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|A Connecticut Yankee In King Arthur's Court||Mark Twain|
The Smallpox Hut
|Page 2 of 4||
He did not budge.
"Of a truth I shall remain -- and likewise help."
I whispered again:
"King, it must not be. You must go."
"Ye mean well, and ye speak not unwisely. But it were shame that a king should know fear, and shame that belted knight should withhold his hand where be such as need succor. Peace, I will not go. It is you who must go. The Church's ban is not upon me, but it forbiddeth you to be here, and she will deal with you with a heavy hand an word come to her of your trespass."
It was a desperate place for him to be in, and might cost him his life, but it was no use to argue with him. If he considered his knightly honor at stake here, that was the end of argument; he would stay, and nothing could prevent it; I was aware of that. And so I dropped the subject. The woman spoke:
"Fair sir, of your kindness will ye climb the ladder there, and bring me news of what ye find? Be not afraid to report, for times can come when even a mother's heart is past breaking -- being already broke."
"Abide," said the king, "and give the woman to eat. I will go." And he put down the knapsack.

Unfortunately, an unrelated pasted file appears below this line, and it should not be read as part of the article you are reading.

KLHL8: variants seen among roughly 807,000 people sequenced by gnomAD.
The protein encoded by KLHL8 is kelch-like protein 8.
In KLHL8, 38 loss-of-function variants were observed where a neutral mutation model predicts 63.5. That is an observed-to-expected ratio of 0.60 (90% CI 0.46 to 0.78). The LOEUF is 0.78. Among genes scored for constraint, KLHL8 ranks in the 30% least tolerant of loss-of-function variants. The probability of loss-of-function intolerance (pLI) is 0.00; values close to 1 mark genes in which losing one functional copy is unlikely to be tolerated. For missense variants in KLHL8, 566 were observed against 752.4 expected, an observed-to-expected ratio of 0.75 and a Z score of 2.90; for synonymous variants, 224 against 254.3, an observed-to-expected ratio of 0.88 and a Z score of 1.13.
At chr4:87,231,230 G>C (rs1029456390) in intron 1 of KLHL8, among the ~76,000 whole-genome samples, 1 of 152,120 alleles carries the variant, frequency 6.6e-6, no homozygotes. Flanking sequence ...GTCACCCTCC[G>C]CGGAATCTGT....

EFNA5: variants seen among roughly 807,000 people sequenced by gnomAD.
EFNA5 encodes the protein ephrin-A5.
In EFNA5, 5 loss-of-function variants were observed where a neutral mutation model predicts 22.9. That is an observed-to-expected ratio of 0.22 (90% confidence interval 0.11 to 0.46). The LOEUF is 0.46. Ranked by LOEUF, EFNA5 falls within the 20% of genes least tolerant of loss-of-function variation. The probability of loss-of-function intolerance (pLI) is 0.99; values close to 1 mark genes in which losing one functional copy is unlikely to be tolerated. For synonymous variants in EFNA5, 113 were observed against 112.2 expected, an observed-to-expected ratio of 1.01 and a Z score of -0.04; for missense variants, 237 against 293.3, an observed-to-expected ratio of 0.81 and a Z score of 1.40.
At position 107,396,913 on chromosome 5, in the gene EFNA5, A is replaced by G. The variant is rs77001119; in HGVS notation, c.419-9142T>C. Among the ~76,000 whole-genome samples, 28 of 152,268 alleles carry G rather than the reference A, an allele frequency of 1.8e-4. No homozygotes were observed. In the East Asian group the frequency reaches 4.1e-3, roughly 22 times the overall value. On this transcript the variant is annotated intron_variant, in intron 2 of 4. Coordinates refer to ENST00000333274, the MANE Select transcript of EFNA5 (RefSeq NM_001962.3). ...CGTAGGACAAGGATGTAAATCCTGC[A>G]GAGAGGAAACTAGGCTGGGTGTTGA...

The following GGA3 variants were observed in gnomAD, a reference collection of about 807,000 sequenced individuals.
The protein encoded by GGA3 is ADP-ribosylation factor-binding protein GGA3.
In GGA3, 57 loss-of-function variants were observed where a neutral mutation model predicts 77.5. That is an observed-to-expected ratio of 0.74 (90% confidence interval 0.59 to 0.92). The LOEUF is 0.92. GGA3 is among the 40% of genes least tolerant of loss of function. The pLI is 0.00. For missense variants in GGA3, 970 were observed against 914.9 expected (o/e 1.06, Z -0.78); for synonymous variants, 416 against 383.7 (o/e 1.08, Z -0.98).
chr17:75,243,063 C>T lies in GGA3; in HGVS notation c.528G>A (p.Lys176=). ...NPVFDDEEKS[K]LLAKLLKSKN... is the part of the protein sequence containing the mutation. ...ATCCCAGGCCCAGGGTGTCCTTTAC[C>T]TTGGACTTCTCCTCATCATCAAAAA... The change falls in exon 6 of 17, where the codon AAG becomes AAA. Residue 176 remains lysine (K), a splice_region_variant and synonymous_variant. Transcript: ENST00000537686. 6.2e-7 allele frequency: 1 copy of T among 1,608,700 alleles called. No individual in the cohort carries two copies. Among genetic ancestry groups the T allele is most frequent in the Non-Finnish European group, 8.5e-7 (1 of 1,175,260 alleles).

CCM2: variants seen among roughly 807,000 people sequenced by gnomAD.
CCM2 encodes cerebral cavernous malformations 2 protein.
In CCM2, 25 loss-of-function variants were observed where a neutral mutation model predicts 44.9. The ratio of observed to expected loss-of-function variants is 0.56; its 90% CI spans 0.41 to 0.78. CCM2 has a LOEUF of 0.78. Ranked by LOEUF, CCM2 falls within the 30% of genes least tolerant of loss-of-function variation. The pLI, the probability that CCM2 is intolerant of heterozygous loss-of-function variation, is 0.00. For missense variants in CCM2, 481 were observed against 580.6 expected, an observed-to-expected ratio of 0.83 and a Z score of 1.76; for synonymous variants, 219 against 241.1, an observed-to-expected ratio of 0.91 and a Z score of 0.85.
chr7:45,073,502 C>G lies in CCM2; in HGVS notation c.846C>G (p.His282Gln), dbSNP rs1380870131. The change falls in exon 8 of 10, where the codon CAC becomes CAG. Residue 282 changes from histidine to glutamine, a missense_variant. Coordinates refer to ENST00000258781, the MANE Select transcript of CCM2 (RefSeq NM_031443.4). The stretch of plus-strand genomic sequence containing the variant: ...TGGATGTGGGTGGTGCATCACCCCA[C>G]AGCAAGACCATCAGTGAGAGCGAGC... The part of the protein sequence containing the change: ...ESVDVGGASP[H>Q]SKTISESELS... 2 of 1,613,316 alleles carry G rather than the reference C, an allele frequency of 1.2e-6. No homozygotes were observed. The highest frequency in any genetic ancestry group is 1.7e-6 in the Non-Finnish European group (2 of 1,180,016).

I turned to start, but the king had already started. He halted, and looked down upon a man who lay in a dim light, and had not noticed us thus far, or spoken.
"Is it your husband?" the king asked.
"Is he asleep?"
"God be thanked for that one charity, yes -- these three hours. Where shall I pay to the full, my gratitude! for my heart is bursting with it for that sleep he sleepeth now."
"We will be careful. We will not wake him."
"Ah, no, that ye will not, for he is dead."
"Yes, what triumph it is to know it! None can harm him, none insult him more. He is in heaven now, and happy; or if not there, he bides in hell and is content; for in that place he will find neither abbot nor yet bishop. We were boy and girl together; we were man and wife these five and twenty years, and never separated till this day. Think how long that is to love and suffer together. This morning was he out of his mind, and in his fancy we were boy and girl again and wandering in the happy fields; and so in that innocent glad converse wandered he far and farther, still lightly gossiping, and entered into those other fields we know not of, and was shut away from mortal sight. And so there was no parting, for in his fancy I went with him; he knew not but I went with him, my hand in his -- my young soft hand, not this withered claw. Ah, yes, to go, and know it not; to separate and know it not; how could one go peace -- fuller than that? It was his reward for a cruel life patiently borne."
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|A Connecticut Yankee In King Arthur's Court
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